Engage an external bullying investigation when transparency in doubt, says tribunal
Employers can pay heed to an organisation’s handling of unfounded bullying allegations which recently earned it the praises of the FWC. Even in light of this community services organisation’s thoroughness in dealing with the allegation, the FWC recommends that employers should engage independent third party investigators when employees feel adamant about internal reviews being compromised.
In this recent case, the court not only rejected the employee’s s789FC application for an anti-bullying order against her manager but also agreed that the employer would be justified to respond to her actions with “some form of disciplinary action”.
In 2013, the advocate claimed her manager became aggressive and mistrustful – repeatedly criticising, humiliating and belittling her when she refused to accept extra cases as a result of feeling overworked and overwhelmed. When she lodged a complaint in 2014, the chief executive handled the investigation and arranged an external mediation that led to an agreement between the advocate and her manager.
Although a further complaint arose, the second internal investigation (by the chief executive and HR department) concluded that the manager acted reasonably. Nevertheless, the employer took steps to arrange for management/leadership skills training for the manager, external peer supervision for her team and actively monitored the situation. Following her doctor’s medical advice, the employer granted her reduced working hours, an interim reporting arrangement, and agreed to pay for three counselling sessions with an independent psychologist.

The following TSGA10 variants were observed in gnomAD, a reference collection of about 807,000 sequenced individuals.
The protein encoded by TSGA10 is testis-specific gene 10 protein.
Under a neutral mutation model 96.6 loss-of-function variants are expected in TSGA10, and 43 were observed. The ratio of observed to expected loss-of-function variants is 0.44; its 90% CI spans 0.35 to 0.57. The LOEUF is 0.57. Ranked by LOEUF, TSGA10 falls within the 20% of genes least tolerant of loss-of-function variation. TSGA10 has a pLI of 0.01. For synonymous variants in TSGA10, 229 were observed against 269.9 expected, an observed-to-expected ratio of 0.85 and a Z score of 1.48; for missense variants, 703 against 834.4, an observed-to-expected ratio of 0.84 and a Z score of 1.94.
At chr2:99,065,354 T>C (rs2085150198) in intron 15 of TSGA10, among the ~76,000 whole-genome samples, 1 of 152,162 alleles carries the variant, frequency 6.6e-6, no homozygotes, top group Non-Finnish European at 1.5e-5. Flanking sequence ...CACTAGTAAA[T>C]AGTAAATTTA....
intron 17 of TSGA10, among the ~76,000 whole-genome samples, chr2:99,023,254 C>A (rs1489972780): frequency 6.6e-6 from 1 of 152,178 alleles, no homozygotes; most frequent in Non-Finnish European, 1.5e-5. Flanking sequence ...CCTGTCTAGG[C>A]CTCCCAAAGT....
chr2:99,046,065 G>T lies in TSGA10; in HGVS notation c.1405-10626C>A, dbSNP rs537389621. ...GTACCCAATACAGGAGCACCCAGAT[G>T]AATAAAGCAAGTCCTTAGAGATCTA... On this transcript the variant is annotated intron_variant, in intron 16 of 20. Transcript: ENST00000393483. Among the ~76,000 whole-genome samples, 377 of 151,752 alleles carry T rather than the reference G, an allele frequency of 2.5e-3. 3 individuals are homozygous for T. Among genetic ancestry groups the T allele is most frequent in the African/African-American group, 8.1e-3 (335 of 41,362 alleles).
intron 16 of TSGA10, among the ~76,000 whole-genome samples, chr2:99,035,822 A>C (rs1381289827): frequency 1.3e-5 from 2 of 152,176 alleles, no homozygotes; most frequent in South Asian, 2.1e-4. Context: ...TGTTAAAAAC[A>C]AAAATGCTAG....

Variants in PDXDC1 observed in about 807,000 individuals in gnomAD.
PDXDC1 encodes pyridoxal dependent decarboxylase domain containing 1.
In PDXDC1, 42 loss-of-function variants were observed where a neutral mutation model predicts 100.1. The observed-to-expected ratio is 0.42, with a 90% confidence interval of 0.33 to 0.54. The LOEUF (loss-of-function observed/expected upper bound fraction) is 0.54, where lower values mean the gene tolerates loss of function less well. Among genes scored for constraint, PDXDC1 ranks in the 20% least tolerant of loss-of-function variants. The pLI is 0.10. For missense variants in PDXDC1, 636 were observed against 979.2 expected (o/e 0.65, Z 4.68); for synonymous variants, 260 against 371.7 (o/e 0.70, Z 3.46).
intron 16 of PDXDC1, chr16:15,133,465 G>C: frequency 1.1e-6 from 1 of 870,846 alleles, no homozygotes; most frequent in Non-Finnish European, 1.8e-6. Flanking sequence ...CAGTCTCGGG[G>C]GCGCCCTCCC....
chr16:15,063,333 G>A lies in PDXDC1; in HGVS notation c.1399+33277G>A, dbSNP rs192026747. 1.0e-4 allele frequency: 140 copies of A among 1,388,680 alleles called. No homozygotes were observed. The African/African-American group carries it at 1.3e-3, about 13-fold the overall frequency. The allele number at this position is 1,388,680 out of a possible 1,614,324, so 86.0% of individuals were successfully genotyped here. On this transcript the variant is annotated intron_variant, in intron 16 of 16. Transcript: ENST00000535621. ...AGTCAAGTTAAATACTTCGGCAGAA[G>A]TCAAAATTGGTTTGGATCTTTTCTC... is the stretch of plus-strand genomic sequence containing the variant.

Although the advocate claimed during proceedings that her employer’s investigations were not “proper or transparent”, Deputy President Peter Sams was satisfied that the chief executive’s internal investigations displayed reasonable actions that were “sound, appropriate and responsive” and that she had been given “every opportunity” to present her version of events. Instead, the deputy president found her to be “an argumentative and defiant witness who sought only to answer questions which she believed best suited her case against (her manager)”.
He warned the advocate to be mindful of her conduct in the future, and said that her employer already had “ample evidence” to justify disciplinary action against her. Deputy President Sams noted her original anti-bullying claim sought to discipline and demote her manager, but said it was never going to be an outcome as the jurisdiction was designed to “correct behavior”; not a means to deliver revenge or retaliation.
There was no evidence of bullying and the court noted that the advocate’s allegations apparently originated from her failure to win a promotion in 2013, while her manager succeeded. Furthermore, her claims of overwork – that taking on two extra files in two and a half years was overwhelming was an “absurd gross exaggeration” when she refused extra work.
Deputy President Sams also believed that it was still possible to salvage a “workable, courteous and professional relationship” and recommended that both the advocate and her manager “work very hard to achieve such a result”.
In conclusion, his first recommendation was that “in future, where an employee vigorously asserts that an internal investigation into bullying allegations will lack transparency or independence, it may be prudent for the employer to engage an independent third party to conduct the investigation”. Regrettably, he added that in this case, “it would have unlikely made any difference to the outcome”.
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